But, neither of them gave it the name “oxygen.” Credit for the name goes to the third man by the name of Antoine Lavoisier. He burned mercury and created this air. He called it “oxygene.”

Lavoisier did some experiments. He observed it was involved in rusting of metals among other things. He also discovered that it played a role in respiration of animals and humans. So, because it created changes, he figured it was acidic in nature. So, he called it “oxygene.” This means acid former10,12.

Several years later, other researchers discovered oxygen is present in acids. They learned that oxygen is not an acid. But, as is the way history goes, the name oxygen stuck. And, obviously, that’s what we still call it today.

This peeked the excitement of the medical community

Some physicians pondered how to begin experiments on humans. They wondered what diseases would benefit from inhaling oxygen. Others wondered how they could profit from this. What happens next will be the subject of an upcoming post. So, stay tuned!!!

This article represents the opinions, thoughts, and experiences of the author; none of this content has been paid for by any advertiser. The COPD.net team does not recommend or endorse any products or treatments discussed herein. Learn more about how we maintain editorial integrity here.
View References
  1. Jindel, S.K.,Ritesh Agarwal, "Oxygen Therapy," 2nd edition, 2008, Jaypee Brothers, pages 5-8, 40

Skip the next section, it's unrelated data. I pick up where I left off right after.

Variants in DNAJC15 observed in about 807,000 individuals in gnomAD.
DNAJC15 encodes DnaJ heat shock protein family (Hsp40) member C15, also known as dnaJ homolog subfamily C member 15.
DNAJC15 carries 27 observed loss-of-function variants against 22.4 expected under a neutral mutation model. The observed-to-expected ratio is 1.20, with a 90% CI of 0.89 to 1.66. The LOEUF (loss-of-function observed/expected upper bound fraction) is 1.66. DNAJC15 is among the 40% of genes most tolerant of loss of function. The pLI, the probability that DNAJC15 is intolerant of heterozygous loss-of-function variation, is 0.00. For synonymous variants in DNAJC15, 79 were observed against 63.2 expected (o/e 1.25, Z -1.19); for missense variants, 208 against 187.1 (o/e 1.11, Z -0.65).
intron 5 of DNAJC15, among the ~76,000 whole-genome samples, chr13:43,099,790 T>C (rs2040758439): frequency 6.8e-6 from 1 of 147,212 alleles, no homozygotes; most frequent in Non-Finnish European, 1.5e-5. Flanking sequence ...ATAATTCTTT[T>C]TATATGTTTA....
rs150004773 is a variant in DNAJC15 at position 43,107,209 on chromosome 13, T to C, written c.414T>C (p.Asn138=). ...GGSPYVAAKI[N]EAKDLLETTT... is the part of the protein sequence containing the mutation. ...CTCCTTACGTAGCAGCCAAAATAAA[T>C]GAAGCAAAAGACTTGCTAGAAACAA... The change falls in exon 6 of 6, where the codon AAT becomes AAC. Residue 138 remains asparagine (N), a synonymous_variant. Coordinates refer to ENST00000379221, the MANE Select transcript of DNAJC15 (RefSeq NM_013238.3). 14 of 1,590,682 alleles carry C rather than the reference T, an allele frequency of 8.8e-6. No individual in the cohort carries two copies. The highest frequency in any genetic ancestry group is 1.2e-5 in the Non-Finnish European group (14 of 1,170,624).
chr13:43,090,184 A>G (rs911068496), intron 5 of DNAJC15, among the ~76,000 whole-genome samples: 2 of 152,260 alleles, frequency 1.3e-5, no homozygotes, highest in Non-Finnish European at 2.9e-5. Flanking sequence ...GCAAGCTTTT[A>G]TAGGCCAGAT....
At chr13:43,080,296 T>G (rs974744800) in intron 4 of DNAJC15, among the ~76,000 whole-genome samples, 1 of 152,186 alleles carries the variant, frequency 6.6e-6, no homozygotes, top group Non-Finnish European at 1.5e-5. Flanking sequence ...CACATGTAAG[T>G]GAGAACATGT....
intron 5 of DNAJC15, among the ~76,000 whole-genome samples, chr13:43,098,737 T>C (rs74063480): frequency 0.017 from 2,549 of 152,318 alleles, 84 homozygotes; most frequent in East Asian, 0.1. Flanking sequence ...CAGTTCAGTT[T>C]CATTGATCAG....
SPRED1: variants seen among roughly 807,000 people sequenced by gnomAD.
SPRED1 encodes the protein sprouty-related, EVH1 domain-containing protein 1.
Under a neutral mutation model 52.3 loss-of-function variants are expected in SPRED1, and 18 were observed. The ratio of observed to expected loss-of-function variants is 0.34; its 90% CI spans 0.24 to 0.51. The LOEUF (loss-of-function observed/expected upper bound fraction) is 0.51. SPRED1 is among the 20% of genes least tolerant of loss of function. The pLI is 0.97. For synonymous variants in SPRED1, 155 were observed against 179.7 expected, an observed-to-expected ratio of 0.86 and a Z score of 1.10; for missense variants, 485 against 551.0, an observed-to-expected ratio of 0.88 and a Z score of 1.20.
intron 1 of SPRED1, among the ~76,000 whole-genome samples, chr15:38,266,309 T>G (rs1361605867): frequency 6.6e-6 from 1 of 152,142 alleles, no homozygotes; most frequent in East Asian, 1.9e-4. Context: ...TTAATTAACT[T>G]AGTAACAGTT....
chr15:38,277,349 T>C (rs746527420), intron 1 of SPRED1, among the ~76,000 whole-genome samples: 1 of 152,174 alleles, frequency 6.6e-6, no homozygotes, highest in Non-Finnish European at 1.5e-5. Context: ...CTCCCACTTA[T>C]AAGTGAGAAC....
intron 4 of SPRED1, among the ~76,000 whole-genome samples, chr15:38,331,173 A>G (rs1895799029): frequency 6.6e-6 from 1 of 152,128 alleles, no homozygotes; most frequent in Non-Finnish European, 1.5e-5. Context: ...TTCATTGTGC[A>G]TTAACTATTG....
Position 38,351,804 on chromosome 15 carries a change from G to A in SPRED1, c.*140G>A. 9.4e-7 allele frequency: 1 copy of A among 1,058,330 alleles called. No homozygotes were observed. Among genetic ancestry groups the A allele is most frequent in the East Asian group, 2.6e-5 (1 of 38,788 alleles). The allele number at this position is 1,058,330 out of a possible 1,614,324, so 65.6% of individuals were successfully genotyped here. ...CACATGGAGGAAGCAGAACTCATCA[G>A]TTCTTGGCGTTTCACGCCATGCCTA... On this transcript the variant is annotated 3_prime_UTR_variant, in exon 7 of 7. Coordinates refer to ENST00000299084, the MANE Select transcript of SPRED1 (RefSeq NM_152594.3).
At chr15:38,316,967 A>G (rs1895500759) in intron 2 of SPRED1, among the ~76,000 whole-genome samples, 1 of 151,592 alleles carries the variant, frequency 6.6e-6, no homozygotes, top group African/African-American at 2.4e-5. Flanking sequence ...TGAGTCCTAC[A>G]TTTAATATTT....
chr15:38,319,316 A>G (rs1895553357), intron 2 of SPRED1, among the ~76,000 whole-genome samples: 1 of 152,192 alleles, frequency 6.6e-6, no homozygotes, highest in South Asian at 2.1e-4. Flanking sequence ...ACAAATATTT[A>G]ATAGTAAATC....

2. Osler, William, "The Evolution of Modern Medicine: A series of lectures at Yale University on the Silliman Foundation in April, 1913," 1921, New Haven,  Yale University Press, pages 38-40
  3. Lagerkvist, Ulf, "The Enigma of Ferment," 2005, Singapore, World Scientific Publishing, page 40
  4. Tissier, Paul Louis Alexandre, “Pneumotherapy including aerotherapy and inhalation methods and therapy,” volume x, 1903, Philadelphia, P. Blakiston’s Sons & Co., page 19
  5. “History of Chemistry; van Helmont, 1648,” historyworld.net, http://www.historyworld.net/wrldhis/PlainTextHistories.asp?ParagraphID=kpt, accessed 7/6/14 and 9/27/18
  6. Lehrs, Ernst, "Man or Matter," 1958, Great Britain, Whistable Litho Ltd, page 179
  7. Garrison, Fielding Hudson, "Introduction to the history of medicine," 1921, London, page 268
  8. Hill, Leonard, Benjamin Moore, Arthur Phillip Beddard, John James Rickard, editors, “Recent Advances In Physiology And Biochemistry,” 1908, London, page 475
  9. Petty, Thomas, Robert W. McCoy, Dennis E. Doherty, “Long Term Oxygen Therapy (LTOT): History, Scientific Foundations, And Emerging Technologies,” 6th Oxygen Concensus Conference Recommendations, National Lung Health Education Program, 2006, http://www.nlhep.org/Documents/lt_oxygen.pdf, accessed 9/20/18
  10. Gray, Alonzo, "Elements of Chemistry:  Containing the Principles of the Science, both experimental and theoretical," 1840, Massachusetts, page 118
  11. Priestly, Joseph, "Experiments and Observations on Different Kinds of Air," volume 2, 1875, London, Printed for J. Johnson, page 102
  12. Warbase, James P., editor, “New York State Journal Of Medicine,” Volume VIII, 1908, Medical Society of the State of New York, page 1680, article by William Seaman Brainbridge, "Oxygen in Medicine and Surgery -- a contribution with report of cases, published in June, 1908

Comments

View Comments (2)
  • KevinDavitt
    4 weeks ago

    This is great – completely educational. Thanks John.

  • John Bottrell, RRT moderator author
    4 weeks ago

    Thank YOU! Glad you enjoyed it. It certainly was fun writing. John. Site Moderator.